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Teammates celebrate Boak on special milestone

As Travis Boak lines up for his 250th AFL game this weekend, two current teammates pay tribute to the Port Adelaide star. 

Hamish Hartlett 

When I walked in the doors at Alberton ahead of the 2009 season, Boaky was still early in his career.

Boaky’s character stood out to me instantly, he became someone I would quickly admire. He trained hard, had an incredible work ethic and was willing to do anything he could to try and improve his game.

At that point, Boaky hadn’t quite confirmed himself as a star of the competition but he was leaving no stone unturned to try and improve himself and earn that status.

Leadership was not necessarily something that came to him naturally. He would always set an example around the club with his work ethic but he was never the vocal, boisterous type.

That’s where his biggest growth has come from over the years.

He became a motivational leader who held court when he spoke. Then, from a physical point of view, Boaky is an absolute machine.

His running capability has gone from strength-to-strength and he’s having a career-best season this year.

He’s undoubtedly one of, if not, the most respected man at the club.

The way he goes about his business commands respect but he’s also an incredibly humble and giving person. He gives everyone the time of day and loves to have a laugh with the boys but also knows when it’s time to put his head down and get to business.

It’s hard not to respect that type of attitude and it’s why he’s become a stalwart of Port Adelaide.

Away from the field, Boaky is as driven as he is internally. He’s busy running his underwear company, Rogers, and ambassadorial roles with Red Bull.

It was an ambassadorship that he was striving for and probably part of the reason he never takes his Red Bull hat off – it’s just about stuck to his head!

Everything Boaky puts his mind to and wants to achieve, he finds a way to get there. It’s a real credit to him for his determination.

Boaky is a really big family man as well and every opportunity he gets to go back home to Jan Juc on Victoria’s Surf Coast, he takes.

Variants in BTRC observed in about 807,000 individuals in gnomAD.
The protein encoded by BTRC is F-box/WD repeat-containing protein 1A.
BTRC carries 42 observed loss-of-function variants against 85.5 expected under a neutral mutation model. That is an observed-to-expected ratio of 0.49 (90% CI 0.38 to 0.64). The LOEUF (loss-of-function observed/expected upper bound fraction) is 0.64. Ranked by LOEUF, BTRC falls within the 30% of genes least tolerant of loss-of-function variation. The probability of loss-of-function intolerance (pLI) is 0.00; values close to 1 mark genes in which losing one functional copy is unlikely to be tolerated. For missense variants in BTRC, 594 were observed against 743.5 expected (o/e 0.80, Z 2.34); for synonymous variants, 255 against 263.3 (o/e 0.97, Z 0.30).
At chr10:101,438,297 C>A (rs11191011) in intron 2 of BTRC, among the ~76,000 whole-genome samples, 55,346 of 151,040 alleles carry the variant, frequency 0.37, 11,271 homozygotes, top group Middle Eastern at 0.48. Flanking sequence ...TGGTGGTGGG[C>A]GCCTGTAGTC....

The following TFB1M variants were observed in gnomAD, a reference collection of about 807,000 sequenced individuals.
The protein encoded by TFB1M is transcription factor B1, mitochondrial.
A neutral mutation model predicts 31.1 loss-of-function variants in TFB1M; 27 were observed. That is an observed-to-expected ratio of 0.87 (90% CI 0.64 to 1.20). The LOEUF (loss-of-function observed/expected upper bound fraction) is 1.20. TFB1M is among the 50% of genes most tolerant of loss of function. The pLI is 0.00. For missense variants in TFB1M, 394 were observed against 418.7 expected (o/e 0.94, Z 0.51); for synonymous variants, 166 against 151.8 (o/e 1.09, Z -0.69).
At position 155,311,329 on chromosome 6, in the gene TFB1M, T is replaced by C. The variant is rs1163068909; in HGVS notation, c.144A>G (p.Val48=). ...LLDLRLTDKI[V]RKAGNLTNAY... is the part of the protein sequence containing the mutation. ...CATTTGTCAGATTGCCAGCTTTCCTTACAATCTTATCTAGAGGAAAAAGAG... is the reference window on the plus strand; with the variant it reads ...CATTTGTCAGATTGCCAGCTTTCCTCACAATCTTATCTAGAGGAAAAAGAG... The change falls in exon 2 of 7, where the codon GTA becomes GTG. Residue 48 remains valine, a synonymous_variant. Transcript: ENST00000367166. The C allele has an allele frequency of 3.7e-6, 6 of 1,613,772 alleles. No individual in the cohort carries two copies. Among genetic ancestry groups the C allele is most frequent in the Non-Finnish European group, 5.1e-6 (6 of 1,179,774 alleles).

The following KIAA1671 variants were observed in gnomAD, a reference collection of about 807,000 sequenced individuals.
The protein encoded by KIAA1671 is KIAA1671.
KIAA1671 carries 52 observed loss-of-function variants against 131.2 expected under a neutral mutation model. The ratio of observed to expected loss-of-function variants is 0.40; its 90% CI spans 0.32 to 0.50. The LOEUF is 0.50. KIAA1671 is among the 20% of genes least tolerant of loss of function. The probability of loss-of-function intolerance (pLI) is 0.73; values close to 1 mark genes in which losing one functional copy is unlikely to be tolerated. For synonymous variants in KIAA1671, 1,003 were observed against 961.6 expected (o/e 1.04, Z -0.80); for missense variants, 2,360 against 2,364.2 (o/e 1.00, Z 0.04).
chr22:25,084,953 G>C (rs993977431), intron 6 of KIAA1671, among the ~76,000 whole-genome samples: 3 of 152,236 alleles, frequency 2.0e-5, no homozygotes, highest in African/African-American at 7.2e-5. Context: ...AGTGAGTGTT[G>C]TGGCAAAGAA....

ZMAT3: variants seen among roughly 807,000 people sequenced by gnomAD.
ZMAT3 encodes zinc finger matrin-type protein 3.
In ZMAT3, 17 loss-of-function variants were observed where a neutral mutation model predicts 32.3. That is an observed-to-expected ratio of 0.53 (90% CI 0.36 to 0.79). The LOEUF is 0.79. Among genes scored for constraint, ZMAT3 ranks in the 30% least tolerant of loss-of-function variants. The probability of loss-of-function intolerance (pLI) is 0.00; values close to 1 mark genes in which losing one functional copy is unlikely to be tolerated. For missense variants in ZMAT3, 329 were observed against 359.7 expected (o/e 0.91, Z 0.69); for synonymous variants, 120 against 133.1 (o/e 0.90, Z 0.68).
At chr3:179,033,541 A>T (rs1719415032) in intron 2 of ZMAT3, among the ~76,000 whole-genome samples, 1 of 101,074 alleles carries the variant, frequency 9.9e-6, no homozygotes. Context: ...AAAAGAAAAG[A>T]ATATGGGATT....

We spent a season as captain and vice-captain, which stands out as one of the more impactful football memories we have shared.

At that time, we were keen to take the club to a place that they hadn’t been in a while in terms of on field success.

Although we didn’t quite get there as a club, we bounced off each other that year and our relationship really grew – we’ve gone from strength-to-strength.

One thing that stands out about Boaky is his ability to help band our team together, even when times are tough.

He’s an incredibly caring guy, there’s no person who doesn’t like or respect him.

Justin Westhoff

It was 2006 and Travis and I had just been drafted to the Port Adelaide Football Club – Boaky from Jan Juc in Victoria and myself from Eununda in South Australia.

When we arrived we were on two different parts of the spectrum. He was a top draft pick, no.5 to be exact, and I was one of the last. There was a lot of pressure on him in those early days but he embraced it.

In our draft contingent there were a group of us who clicked really well including Robbie Gray and Paul Stewart. We had a good little group and it put us in good stead to chip away together.

The impact Travis had over those first few years at the club were important – they were indicative of what he’d become.

He was able to handle what was thrown at him and he came along in leaps and bounds, translating into him becoming the club captain for six seasons.

Travis is the kind of person who puts everyone else first.

What he gives back to his family, close friends and the community makes him an incredible role model. He’s the type of person who gives as much time to others as he would spend on himself.

Around the club, he’s viewed as the ultimate professional and I’ve been able to take a lot from him. When he took over the leadership from Dom Cassisi it was a tough time at the club.

I don’t think too many players at that point in their careers would have taken on the role of captain but Travis did.

He sacrificed himself to give back to the club and he’s a big reason that Port Adelaide shifted back to where it needed to be.

Nothing’s changed since Tommy and Ollie have come on-board as co-captains. Travis has acted as a mentor to them and been able to provide some insightful advice and share his words of wisdom.

Over the journey, he’s been a great leader and a good mate of mine.

Good luck in your 250th!